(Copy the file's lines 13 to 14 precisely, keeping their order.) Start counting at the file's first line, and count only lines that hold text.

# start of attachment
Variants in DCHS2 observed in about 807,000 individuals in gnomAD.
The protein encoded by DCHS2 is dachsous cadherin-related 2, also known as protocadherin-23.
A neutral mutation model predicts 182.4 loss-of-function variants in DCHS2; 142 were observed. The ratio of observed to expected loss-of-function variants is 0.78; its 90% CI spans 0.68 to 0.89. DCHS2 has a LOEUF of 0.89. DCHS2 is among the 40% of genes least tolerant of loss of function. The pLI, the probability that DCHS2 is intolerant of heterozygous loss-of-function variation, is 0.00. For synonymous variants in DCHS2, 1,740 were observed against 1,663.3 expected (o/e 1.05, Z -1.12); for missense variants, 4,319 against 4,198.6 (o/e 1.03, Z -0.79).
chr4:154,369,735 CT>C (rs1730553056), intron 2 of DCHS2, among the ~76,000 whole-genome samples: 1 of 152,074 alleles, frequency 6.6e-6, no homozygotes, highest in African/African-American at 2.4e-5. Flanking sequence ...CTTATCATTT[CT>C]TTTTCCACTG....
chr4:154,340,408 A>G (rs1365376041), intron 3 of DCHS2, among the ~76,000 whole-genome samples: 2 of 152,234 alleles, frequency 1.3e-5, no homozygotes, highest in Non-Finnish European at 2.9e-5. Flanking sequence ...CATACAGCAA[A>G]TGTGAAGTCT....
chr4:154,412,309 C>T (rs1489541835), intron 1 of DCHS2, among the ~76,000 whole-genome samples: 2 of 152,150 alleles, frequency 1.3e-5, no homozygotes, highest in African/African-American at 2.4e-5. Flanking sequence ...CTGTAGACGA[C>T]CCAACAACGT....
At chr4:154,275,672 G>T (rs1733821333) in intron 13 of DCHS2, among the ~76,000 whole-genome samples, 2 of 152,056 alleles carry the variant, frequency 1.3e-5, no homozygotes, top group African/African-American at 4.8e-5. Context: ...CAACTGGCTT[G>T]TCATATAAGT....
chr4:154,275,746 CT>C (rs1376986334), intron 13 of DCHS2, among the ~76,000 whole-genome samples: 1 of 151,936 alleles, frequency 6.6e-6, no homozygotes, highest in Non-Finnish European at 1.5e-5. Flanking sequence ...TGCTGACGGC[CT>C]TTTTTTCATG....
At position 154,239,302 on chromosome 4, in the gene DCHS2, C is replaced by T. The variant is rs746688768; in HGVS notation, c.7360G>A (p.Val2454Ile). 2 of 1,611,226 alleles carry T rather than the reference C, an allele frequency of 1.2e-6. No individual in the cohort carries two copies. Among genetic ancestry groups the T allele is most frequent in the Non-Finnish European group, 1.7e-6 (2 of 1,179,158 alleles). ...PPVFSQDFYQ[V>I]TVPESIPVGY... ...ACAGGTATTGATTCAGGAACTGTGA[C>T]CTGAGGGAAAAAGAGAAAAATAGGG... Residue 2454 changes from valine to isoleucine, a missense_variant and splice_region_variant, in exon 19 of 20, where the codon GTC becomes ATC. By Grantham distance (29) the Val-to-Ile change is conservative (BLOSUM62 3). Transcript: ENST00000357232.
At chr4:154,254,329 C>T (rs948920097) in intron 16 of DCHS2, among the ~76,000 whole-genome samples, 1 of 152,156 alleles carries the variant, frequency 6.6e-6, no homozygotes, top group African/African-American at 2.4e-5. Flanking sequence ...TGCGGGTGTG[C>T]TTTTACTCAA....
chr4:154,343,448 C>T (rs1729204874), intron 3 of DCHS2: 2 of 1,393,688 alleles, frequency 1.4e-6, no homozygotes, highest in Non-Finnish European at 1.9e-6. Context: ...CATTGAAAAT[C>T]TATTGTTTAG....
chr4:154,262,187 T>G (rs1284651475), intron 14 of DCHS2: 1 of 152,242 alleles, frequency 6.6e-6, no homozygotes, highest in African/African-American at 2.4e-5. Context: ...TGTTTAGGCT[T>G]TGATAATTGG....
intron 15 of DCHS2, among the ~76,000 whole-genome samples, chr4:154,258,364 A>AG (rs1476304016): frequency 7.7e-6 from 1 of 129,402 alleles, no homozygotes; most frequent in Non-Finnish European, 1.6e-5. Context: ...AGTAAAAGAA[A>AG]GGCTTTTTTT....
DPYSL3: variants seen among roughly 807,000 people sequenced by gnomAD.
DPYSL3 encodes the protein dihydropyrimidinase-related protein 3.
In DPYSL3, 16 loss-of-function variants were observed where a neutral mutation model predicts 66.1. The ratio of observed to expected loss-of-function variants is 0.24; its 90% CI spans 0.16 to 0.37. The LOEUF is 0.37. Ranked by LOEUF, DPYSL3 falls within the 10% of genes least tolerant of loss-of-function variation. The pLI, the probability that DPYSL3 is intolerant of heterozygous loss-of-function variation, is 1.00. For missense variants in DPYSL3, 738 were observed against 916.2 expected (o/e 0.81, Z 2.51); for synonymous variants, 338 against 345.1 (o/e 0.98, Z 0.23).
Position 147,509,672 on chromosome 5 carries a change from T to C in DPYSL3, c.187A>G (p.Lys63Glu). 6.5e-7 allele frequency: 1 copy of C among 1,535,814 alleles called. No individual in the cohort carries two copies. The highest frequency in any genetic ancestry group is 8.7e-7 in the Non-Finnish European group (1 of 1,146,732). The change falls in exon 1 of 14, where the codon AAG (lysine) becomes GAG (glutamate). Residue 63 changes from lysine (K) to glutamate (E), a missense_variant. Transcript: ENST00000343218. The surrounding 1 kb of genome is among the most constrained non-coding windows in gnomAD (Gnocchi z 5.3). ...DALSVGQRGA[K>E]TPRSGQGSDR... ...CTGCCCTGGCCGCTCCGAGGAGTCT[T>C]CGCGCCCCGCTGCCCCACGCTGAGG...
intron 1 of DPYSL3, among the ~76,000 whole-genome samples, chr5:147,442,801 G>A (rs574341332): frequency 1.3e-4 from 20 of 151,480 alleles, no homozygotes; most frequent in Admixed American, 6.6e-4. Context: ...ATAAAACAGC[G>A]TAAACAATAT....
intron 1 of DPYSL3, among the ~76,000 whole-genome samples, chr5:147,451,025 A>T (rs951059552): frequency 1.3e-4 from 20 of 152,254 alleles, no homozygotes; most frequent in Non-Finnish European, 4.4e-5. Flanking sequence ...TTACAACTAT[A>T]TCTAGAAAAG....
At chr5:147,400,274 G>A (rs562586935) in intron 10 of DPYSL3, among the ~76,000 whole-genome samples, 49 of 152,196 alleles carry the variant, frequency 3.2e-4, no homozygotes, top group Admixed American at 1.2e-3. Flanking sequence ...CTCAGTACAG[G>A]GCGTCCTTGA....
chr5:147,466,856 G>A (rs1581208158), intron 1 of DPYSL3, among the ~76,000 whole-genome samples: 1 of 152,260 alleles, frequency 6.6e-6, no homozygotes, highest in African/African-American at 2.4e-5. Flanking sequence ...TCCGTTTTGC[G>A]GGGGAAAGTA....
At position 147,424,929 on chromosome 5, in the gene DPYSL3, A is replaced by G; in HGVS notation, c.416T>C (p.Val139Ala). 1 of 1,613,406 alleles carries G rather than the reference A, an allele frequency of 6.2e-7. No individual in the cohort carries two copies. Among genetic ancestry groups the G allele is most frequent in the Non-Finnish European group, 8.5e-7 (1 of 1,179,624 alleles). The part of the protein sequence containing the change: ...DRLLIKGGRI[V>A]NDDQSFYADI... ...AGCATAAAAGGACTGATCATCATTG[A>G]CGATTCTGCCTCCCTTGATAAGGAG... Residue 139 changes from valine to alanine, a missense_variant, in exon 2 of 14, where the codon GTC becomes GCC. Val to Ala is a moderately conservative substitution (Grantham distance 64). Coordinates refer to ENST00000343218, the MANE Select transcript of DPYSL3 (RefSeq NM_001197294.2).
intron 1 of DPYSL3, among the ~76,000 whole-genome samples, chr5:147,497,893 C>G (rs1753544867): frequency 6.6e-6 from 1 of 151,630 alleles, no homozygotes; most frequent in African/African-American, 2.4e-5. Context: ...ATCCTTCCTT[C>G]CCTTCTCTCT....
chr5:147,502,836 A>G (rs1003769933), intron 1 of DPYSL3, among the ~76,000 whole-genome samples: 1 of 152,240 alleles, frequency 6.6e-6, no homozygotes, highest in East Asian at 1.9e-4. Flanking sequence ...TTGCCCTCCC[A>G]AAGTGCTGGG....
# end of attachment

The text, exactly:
intron 15 of DCHS2, among the ~76,000 whole-genome samples, chr4:154,258,364 A>AG (rs1476304016): frequency 7.7e-6 from 1 of 129,402 alleles, no homozygotes; most frequent in Non-Finnish European, 1.6e-5. Context: ...AGTAAAAGAA[A>AG]GGCTTTTTTT....
DPYSL3: variants seen among roughly 807,000 people sequenced by gnomAD.